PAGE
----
The Reno County Courthouse building construction was started in 1929 and finished in 1930. This was in the period of economic collapse for the United States. Amazingly, the building was erected at a cost of $386,500 for the initial design and cost of construction. Furnishings were added to be able to occupy the premises at a cost of $126,600. This made a total cost originally of approximately $513,000.
The building is of art deco design and was erected using buff colored brick and Bedford limestone. There are only three other courthouses in Kansas of similar design. The size of the original building was 152 feet wide and 144 feet deep. In 1971, the Law Enforcement Center was added and is approximately 168 feet by 137 feet deep. There were two elevator shafts built originally but only the one was functional in 1930. The other contained only the shaft and not the mechanism. The building is actually six stories high (approximately 100 feet). The only thing housed in the sixth floor dome area is the mechanism for the elevators.
One of the pleasing views of the whole courthouse building takes in the front and emphasis should be given to the copper bearing, steel lead light fixtures that flank the doorway. The steps leading to the doorway are of limestone.
It should be noted that the building itself is not completely fireproof but there are some steel storage files with steel roller curtains for some of the records. Records in the Register of Deeds Office date back to 1872. All old school records of Reno County schools that have been closed are filed in the Register of Deeds Office.
Of note in the first floor entry area is the brass plated United States Postal Box. Mail deposited in this box is still picked up each day at about 4:45 p.m.
Another interesting detail is the two elevator doors that stand on the eastern wall of the vestibule; the northern door retains the original bronze with the etchings of "Industry, Wisdom, Strength, and Justice". These words are inscribed for the following reasons:
The northern elevator retains the original floor dial, is hand operated with interior walls of stainless steel, and a rolling prisoner gate in the rear that was used to transport prisoners to the jail which was housed on the fifth floor until a new law enforcement facility was built in 1971. At that time, the fifth floor was then altered to accommodate expansion of the Public Works Department and other departments.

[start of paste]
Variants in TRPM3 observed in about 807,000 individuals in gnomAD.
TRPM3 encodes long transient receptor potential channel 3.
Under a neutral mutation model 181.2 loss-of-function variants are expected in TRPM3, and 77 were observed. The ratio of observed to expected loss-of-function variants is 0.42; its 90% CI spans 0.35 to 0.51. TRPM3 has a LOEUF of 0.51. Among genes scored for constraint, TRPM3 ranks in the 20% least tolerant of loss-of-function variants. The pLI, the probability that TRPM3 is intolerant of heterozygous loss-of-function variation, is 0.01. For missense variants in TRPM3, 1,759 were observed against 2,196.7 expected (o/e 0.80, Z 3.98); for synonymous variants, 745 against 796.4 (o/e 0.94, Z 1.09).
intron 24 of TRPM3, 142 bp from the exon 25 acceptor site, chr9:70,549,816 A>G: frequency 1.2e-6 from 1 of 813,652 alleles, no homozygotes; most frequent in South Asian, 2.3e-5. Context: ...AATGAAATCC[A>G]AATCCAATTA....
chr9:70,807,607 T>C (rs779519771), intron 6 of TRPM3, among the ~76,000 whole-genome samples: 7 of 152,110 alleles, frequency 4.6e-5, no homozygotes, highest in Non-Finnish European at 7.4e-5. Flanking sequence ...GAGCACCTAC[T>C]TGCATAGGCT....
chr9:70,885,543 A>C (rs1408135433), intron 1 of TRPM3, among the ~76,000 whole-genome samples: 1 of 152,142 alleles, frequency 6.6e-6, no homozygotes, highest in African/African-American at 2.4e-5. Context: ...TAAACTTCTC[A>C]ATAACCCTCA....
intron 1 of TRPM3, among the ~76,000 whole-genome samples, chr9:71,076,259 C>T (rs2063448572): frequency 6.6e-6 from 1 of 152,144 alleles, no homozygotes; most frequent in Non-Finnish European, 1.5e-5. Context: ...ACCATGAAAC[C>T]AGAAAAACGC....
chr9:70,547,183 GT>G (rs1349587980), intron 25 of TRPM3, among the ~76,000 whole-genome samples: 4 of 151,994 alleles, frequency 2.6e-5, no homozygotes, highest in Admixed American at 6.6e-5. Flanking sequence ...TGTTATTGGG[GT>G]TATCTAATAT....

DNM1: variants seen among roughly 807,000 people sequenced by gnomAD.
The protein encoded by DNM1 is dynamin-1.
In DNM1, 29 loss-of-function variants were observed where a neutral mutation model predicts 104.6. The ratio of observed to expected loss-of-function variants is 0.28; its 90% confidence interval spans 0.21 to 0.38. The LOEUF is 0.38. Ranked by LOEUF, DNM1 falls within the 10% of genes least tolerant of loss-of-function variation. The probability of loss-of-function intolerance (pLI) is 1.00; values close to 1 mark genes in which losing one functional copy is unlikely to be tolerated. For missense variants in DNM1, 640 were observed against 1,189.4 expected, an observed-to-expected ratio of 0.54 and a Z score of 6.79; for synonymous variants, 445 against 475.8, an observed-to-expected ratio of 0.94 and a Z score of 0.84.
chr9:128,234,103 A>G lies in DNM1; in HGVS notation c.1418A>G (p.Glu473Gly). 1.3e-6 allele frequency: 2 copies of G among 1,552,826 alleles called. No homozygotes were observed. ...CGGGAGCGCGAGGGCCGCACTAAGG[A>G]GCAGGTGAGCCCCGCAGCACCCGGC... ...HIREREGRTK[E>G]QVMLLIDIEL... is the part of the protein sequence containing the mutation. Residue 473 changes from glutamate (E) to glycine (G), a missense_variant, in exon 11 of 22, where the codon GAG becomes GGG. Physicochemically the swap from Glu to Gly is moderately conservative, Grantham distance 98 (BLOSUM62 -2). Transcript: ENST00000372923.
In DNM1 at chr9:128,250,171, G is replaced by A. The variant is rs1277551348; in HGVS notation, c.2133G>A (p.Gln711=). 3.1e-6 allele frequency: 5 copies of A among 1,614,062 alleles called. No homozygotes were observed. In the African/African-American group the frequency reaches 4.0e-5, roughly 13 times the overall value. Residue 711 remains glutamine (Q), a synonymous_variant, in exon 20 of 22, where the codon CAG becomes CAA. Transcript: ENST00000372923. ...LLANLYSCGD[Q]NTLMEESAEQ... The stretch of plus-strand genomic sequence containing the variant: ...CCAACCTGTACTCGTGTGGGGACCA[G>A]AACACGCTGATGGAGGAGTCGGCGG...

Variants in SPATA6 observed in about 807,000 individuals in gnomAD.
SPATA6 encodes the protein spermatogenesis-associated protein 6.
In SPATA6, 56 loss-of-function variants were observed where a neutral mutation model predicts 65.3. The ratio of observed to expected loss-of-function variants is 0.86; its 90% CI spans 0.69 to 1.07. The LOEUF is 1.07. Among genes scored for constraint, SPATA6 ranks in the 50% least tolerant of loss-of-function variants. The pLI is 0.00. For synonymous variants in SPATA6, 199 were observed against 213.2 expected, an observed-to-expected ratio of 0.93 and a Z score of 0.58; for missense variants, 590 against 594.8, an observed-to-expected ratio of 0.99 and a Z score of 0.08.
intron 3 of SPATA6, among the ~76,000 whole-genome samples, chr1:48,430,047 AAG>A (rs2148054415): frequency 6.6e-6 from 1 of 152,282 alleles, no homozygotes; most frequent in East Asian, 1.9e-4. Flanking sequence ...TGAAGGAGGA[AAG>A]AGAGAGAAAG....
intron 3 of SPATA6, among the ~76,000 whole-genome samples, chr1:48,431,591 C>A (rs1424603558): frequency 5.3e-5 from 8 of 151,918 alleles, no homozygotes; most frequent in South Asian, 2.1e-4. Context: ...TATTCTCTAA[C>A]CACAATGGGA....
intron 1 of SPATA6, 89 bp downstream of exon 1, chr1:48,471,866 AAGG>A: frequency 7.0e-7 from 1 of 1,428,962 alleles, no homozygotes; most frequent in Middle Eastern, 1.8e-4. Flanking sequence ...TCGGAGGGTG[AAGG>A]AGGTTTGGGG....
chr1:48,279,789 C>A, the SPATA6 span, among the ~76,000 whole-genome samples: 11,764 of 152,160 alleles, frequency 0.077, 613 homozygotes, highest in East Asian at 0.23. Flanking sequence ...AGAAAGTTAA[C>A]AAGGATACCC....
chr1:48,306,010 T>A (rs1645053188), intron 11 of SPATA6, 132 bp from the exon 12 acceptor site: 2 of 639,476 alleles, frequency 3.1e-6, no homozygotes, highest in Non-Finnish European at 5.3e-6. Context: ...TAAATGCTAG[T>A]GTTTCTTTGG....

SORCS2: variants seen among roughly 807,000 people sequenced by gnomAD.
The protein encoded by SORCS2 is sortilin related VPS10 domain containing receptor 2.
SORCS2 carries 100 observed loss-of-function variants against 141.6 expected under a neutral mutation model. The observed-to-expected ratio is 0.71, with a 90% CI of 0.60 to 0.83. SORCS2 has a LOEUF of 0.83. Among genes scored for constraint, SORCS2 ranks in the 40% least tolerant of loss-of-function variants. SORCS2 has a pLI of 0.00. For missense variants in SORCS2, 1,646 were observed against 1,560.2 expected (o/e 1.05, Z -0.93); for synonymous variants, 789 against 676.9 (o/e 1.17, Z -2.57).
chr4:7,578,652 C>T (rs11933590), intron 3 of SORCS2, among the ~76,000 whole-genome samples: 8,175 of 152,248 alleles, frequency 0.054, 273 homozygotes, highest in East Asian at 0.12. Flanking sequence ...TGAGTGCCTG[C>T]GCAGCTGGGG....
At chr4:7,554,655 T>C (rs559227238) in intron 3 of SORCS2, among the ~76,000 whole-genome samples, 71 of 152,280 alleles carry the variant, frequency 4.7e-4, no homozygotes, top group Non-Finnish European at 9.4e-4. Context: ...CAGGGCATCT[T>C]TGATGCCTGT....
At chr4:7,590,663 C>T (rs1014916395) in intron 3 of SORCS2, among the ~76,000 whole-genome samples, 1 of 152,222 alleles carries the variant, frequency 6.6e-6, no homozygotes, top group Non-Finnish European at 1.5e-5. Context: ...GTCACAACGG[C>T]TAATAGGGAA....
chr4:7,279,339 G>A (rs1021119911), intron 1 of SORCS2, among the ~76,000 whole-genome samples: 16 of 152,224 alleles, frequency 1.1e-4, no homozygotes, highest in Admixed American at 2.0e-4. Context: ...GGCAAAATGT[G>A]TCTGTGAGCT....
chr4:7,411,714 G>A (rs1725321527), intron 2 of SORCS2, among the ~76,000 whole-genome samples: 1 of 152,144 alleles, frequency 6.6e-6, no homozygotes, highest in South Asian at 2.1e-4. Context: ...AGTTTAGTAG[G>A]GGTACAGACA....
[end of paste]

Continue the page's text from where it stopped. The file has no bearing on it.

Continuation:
The pyramid design is found all over the building and is obvious from the first floor area as you observe the following:
There were no rooms finished on the fourth floor when construction was completed in 1930. This floor was left for expansion. All that made up the fourth floor at that time was the area just in front of the elevators. The Juvenile Court, (Division IV Courtroom), offices, law library, and small jury room for the east courtroom of the third floor are all housed now on the fourth floor. The district attorney handling juvenile cases maintains an office on the fourth floor.
The two courtrooms on this floor deal with criminal, domestic, and civil cases. Division I is the eastern courtroom (odd numbered cases), Division II is the newer of the two rooms, added in 1960s, and the even numbered cases are assigned to it. Division III and its courtroom is housed on the first floor where hunting, fishing, and county traffic fines are taken care of.
The beaming in the courtroom hall and the eastern courtroom appears to be unfinished mahogany. It shows elaborately carved floral and vegetable motifs that suggest 15th Century Spanish carvings. The beams in the hallway of the courtroom still retain their original painted colors, but the beams in the courtroom have been painted gold and mustard. These have been painted because when the jail was housed on the fifth floor, plumbing had been plugged and overflowed into this area, badly defacing the beams and portions of the ceiling.
An artist from New York, Vincent Aderente, painted the murals in the hall and in the courtroom. The paintings in the hall are symbolical of the settlement of the plains by the American Indians and the white pioneers. A wagon train traveling across the Great Plains is further evidence of this era.
The courtroom mural overlooks the judge’s bench. This mural depicts a judgment scene with a sitting female justice, flanked by a female mercy and a female execution. A mere mortal awaiting judgment stands on the other sides of mercy and execution.
Another interesting original in the courtroom are the tapestries on the walls. The eastern window coverings were of this same design and material but have deteriorated to the point of having to be replaced.
If you notice the electrical outlets on the beams, these were the places for the first air conditioners in the courtroom; small, electrical fans placed on shelves for air movement. There are also vents that were used for heating originally and then the conversion to air conditioning.
The speaker system was not installed until in the 1960s. The bar at the front of the courtroom contains a metal gate that has the State Seal of Kansas on it. Only a lawyer who has passed the bar is eligible to pass through the gates. Exceptions can be the jury, bailiff, court reporter, and witnesses.